After that we moved to King City on the Newmarket Sub, expropriated by the City for the Scarborough Expressway that in the end did not happen. Again, wire fencing on all the properties that I remember, so a CN wire fence is not out of character for the era, hidden by some sort of bushes, as that is what I remember in KIng.

    • Hi Daniel:
      Good memories – and there is still a wire fence along this stretch of track. But I wanted to do wooden privacy fences here because the point is not only to suggest that there are backyards behind the tracks, but also to hide – or at least, minimize the distraction of – the fact that there’s only 3″ to 4″ of layout behind the fence before it hits the backdrop. My plan is a combination of fences and big overhanging trees.

  2. Trevor,

    Great idea and I sure think what you did came out looking like three back yards. I like the small tomato plants. Maybe a small out building could be in one yard too. Or a dog house!

    Mike S.

  3. Hi Trevor,

    Have you given any thoughts to shallow flats to represent the back of the homes? Maybe a laundry line, a swing set, or an old tire swing from one of the trees?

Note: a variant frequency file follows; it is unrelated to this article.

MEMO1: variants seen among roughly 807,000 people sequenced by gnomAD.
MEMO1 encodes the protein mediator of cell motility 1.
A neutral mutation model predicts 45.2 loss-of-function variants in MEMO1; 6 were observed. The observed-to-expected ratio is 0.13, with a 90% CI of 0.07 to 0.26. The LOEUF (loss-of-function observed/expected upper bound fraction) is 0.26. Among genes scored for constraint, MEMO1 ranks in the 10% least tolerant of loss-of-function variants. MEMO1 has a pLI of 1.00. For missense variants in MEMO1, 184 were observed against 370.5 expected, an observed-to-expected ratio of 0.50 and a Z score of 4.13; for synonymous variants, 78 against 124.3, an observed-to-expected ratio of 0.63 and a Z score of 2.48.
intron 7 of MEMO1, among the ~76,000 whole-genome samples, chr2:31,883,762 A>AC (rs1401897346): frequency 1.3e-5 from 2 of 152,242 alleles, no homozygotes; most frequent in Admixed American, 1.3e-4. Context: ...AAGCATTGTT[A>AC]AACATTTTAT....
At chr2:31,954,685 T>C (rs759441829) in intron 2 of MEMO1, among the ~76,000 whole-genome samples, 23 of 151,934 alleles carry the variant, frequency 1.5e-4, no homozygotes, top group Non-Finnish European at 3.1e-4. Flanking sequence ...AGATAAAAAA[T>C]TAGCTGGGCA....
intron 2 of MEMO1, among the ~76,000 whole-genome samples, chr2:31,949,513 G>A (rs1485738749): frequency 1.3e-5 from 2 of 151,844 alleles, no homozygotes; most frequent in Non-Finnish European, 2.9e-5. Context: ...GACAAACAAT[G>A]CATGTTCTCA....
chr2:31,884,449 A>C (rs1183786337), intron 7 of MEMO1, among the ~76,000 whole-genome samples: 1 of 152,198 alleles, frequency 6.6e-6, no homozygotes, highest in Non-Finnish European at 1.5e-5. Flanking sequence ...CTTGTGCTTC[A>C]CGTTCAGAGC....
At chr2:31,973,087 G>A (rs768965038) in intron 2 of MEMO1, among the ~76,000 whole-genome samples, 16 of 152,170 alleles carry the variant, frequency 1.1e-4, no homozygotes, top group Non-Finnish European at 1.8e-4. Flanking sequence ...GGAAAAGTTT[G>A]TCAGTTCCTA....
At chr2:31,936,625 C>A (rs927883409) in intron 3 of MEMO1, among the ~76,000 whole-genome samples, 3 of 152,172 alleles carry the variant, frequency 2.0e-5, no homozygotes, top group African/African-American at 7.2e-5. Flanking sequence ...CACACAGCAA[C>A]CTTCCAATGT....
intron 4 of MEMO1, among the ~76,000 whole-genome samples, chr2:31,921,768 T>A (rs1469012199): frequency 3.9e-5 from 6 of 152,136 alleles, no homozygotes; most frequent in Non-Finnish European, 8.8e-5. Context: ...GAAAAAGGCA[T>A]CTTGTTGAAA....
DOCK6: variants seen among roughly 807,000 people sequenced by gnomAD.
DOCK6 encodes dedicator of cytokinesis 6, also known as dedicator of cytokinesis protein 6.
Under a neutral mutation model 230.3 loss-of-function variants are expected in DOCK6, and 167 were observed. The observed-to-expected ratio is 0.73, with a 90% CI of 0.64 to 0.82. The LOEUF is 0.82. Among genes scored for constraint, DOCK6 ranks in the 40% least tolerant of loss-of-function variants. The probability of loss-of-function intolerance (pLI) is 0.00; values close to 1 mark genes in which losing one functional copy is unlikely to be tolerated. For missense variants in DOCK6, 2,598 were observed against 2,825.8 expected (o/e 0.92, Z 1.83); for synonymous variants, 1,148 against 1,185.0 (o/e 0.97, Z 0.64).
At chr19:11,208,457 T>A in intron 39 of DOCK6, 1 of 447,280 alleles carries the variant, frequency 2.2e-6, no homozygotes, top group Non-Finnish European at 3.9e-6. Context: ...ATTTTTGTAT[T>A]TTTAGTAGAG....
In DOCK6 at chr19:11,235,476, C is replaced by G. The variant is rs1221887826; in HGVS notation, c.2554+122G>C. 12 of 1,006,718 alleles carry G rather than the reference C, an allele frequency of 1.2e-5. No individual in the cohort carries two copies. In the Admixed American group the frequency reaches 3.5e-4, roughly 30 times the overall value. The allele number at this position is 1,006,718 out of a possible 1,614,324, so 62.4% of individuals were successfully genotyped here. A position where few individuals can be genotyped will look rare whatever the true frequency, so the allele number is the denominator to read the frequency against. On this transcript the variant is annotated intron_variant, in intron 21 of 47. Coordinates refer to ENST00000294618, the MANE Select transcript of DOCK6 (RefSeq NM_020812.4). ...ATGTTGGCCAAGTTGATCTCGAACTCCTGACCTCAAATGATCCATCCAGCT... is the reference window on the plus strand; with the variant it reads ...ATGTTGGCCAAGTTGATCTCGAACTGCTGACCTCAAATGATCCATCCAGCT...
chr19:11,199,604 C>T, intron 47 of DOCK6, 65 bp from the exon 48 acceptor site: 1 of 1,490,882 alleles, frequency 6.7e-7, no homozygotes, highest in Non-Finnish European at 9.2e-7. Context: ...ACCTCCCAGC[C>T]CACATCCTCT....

Looks great!

    • Hi Walker:
      It’s a good question. I’ve thought about it, and I don’t really want to draw attention too far into the backyards – so no, no backs of houses. But I do like the laundry line idea. And I have a few of my own…
      Stay tuned!

  4. Hi Trevor,

    I like the yards but wonder if you may wish to accentuate more that they are three different yards. What I’m thinking is perhaps to have one yard freshly mown, one in need of mowing and the third somewhere inbetween. Even the weeds inbetween the privacy fence and the railroad fence could be used the tell a story of the different people living in those yards.

    I’ve not commented before but have been lurking quite a while. Your work is an inspiration and until finding your site, thougtht I was kinda strange (and alone) having decided I was happier with a simple, smaller layout than may have been possible given my space. I also really enjoy your small layout blog as well.

    Thanks for taking the time to share.


    • Hi Bill:
      Welcome aboard – thanks for de-cloaking! I’m glad you’re enjoying this blog and my Achievable Layouts effort.
      You’re right on the money about accentuating the differences in the yards. I must admit I’m not finished yet – I have more ideas for these yards, so keep checking in.

  5. A good scenic device here, Trevor–leading the viewer to see what you want them to see, rather than the backdrop inches away! Building flats would lead the viewer to the backdrop, instead of away from it.

    Steve Lucas.